The main offices of both Lending Club and Uber may be mere blocks away from each other in San Francisco, but the modus operandi of the two tech companies are worlds apart. Uber has expanded hyper-aggressively, consciously making the decision to sacrifice rule-following for the sake of growth. Meanwhile Lending Club has, for the most part, eschewed the typical Silicon Valley mantra of ‘move fast and break things’ for a more conciliatory approach.
Today, we sent a ‘Monthly Report’ to our clients. This is the kind of info they should have received: Expected Return: 9.04%, Expected Value in 12 months: \$136.412. Instead we sent something like that: Expected Return: 0.00%, Expected Value in 12 months: \$-14,450,428,383,661.
Lending Club recently announced the launch of a new type of credit: auto loans. This is great news,… except for the individual Peer Lending investor, who remains without access to this investment opportunity. Again. Perhaps this change was inevitable, as technology originally designed to serve the individual investor has evolved to deal with its own success. Peer-to-Peer as an impetus…
Oh, the mighty turkey! If Benjamin Franklin had his way, this proud bird would have been the national mascot for the United States.
An increase of stock market prices is only sustainable when it matches economic growth. Otherwise it’s pure speculation, and history has shown that ‘corrections’ inevitably happen.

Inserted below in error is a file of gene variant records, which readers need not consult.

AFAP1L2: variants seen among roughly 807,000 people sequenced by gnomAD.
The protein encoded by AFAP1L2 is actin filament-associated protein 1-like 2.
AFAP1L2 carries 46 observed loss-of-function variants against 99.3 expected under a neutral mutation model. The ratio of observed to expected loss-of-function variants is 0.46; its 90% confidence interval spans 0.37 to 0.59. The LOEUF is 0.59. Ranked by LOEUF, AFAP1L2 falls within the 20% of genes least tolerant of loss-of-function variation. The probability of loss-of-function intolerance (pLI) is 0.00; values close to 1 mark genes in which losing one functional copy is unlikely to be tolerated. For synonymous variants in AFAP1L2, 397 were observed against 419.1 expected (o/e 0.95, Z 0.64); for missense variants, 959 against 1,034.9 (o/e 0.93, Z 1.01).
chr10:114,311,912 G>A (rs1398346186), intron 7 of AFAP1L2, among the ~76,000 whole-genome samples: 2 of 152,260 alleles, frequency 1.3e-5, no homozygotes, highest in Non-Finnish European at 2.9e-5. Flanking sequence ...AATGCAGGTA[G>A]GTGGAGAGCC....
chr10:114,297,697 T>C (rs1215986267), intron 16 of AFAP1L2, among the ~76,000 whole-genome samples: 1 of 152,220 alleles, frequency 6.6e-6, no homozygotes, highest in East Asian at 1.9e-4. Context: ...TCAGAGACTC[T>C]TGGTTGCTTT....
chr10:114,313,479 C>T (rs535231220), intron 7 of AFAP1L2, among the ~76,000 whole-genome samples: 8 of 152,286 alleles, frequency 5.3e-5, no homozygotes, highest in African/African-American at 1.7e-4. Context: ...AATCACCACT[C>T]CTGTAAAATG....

The idea of lending money to people you don’t know, without any kind of guarantee, may seem stupid at first. But ‘Peer-to-Peer lending’ (as it was originally called) does work for investors.
Bloomberg recently posted a critical article about Lending Club. There are two main points in the article: first, that Lending Club is clandestinely issuing “supposedly” undesirable loans to repeat borrowers, and second, that Lending Club as a company is failing.
You have a superpower. You’ve probably used it without even knowing what was really happening, and, for better or worse, it has changed your life.
In fact, nearly the entire human race has this ability. It has been honed over thousands of years, and made more efficient with technological innovations and quantified with mathematical formulas.
It was called Peer-to-Peer Lending. The idea was to circumvent banks, the inefficient too-big-to-fail organizations that grew fat after centuries of undeserved profits, and create a market without any intermediates, where borrowers would be matched directly with lenders.